This paper introduces two deep learning approaches to localize acoustic emissions (AE) sources within metallic plates with geometric features, such as rivet-connected stiffeners. In particular, a stack of autoencoders and a convolutional neural network are used. The idea is to leverage the reflection and reverberation patterns of AE waveforms as well as their dispersive and multimodal characteristics to localize their sources with only one sensor. Specifically, this paper divides the structure into multiple zones and finds the zone in which each source occurs. To train, validate, and test the deep learning networks, fatigue cracks were experimentally simulated by Hsu–Nielsen pencil lead break tests. The pencil lead breaks were carried out on the surface and at the edges of the plate. The results show that both deep learning networks can learn to map AE signals to their sources. These results demonstrate that the reverberation patterns of AE sources contain pertinent information to the location of their sources. Full article
(This article belongs to the Special Issue Selected Papers from IWSHM 2017)
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Figure 1

Open AccessArticle Uncertainty Evaluation in the Design of Structural Health Monitoring Systems for Damage Detection
Received: 28 February 2018 / Revised: 13 April 2018 / Accepted: 17 April 2018 / Published: 21 April 2018
Cited by 1 | PDF Full-text (2374 KB) | HTML Full-text | XML Full-text
Abstract
The validation of structural health monitoring (SHM) systems for aircraft is complicated by the extent and number of factors that the SHM system must demonstrate for robust performance. Therefore, a time- and cost-efficient method for examining all of the sensitive factors must be
[...] Read more.
The validation of structural health monitoring (SHM) systems for aircraft is complicated by the extent and number of factors that the SHM system must demonstrate for robust performance. Therefore, a time- and cost-efficient method for examining all of the sensitive factors must be conducted. In this paper, we demonstrate the utility of using the simulation modeling environment to determine the SHM sensitive factors that must be considered for subsequent experiments, in order to enable the SHM validation. We demonstrate this concept by examining the effect of SHM system configuration and flaw characteristics on the response of a signal from a known piezoelectric wafer active sensor (PWAS) in an aluminum plate, using simulation models of a particular hot spot. We derive the signal responses mathematically and through the statistical design of experiments, we determine the significant factors that affect the damage indices that are computed from the signal, using only half the number of runs that are normally required. We determine that the transmitter angle is the largest source of variation for the damage indices that are considered, followed by signal frequency and transmitter distance to the hot spot. These results demonstrate that the use of efficient statistical design and simulation may enable a cost- and time-efficient sequential approach to quantifying sensitive SHM factors and system validation. Full article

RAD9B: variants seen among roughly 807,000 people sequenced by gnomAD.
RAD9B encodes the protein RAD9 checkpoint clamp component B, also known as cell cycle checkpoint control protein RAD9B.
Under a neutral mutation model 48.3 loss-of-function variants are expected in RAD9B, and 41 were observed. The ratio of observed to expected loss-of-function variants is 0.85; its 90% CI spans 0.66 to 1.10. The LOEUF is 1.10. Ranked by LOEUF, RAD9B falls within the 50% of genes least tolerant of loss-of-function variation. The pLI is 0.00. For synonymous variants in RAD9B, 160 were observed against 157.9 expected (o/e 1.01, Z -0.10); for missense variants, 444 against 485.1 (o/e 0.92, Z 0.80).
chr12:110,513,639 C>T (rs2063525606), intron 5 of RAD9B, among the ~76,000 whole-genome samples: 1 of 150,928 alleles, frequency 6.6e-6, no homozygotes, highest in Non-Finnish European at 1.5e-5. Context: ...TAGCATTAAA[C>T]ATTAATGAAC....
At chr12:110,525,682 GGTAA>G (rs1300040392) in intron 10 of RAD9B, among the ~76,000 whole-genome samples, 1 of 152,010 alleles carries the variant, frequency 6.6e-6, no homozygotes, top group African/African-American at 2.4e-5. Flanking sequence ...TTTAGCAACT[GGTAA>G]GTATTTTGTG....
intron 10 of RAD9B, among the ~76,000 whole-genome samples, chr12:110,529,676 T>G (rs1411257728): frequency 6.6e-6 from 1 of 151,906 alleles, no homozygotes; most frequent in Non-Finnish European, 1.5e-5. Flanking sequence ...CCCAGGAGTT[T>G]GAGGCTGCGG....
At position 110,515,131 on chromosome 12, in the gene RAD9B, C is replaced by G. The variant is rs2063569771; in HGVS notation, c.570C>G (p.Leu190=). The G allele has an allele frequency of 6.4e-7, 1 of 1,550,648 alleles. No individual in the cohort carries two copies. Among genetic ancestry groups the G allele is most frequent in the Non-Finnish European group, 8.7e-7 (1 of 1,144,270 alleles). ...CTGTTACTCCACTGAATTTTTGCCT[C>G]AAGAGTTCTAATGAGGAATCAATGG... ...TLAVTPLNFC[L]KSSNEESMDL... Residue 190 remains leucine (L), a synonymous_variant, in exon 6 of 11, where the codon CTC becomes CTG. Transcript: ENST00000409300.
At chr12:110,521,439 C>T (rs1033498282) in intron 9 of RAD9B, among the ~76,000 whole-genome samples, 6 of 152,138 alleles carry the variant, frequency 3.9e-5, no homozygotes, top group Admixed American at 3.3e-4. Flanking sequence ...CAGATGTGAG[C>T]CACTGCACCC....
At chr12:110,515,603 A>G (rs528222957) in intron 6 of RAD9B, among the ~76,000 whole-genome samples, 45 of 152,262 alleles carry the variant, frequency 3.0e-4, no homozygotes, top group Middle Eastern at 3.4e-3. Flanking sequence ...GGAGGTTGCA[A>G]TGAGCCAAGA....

(This article belongs to the Special Issue Selected Papers from IWSHM 2017)
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Open AccessArticle Damage Detection in a Composite T-Joint Using Guided Lamb Waves
Received: 22 February 2018 / Revised: 3 April 2018 / Accepted: 5 April 2018 / Published: 9 April 2018
Cited by 1 | PDF Full-text (30717 KB) | HTML Full-text | XML Full-text
Abstract
Low velocity impact induces barely visible damage in the form of matrix cracking or delamination that can grow under hydro-thermo-mechanical loading and possibly lead to catastrophic failure if not detected at an early stage. A network of piezoelectric transducers can be used to
[...] Read more.
Low velocity impact induces barely visible damage in the form of matrix cracking or delamination that can grow under hydro-thermo-mechanical loading and possibly lead to catastrophic failure if not detected at an early stage. A network of piezoelectric transducers can be used to monitor a structure over time for life prognosis through generation and sensing of guided ultrasonic waves. The aim of this study is to design and develop such a sensing method for damage assessment in a composite T-joint subjected to mechanical impacts. In this context, monitoring of Lamb waves in a carbon fibre reinforced polymer (CFRP) T-joint has been completed where dispersion and tuning curves have been obtained. Guided waves are transmitted into the structure through different specified pairs of surface-bonded lead-zirconate-titanate (PZT) transducers in a pitch–catch active structural health monitoring (SHM) approach. With these experiments, Lamb wave fundamental modes (A0 and S0) are identified for monitoring impact damage by signal comparison with a prior obtained baseline. Detecting 4J and 10J inner impacts within the central region of the specimen is challenging when using conventional non-destructive techniques (NDT) because of the complex geometry and interference with the web. Signals are compared for the same selected sensing path; and amplitude differences have been observed in tuning curves after the 10J impact, which implies the occurrence of a structural change related to the impact. Full article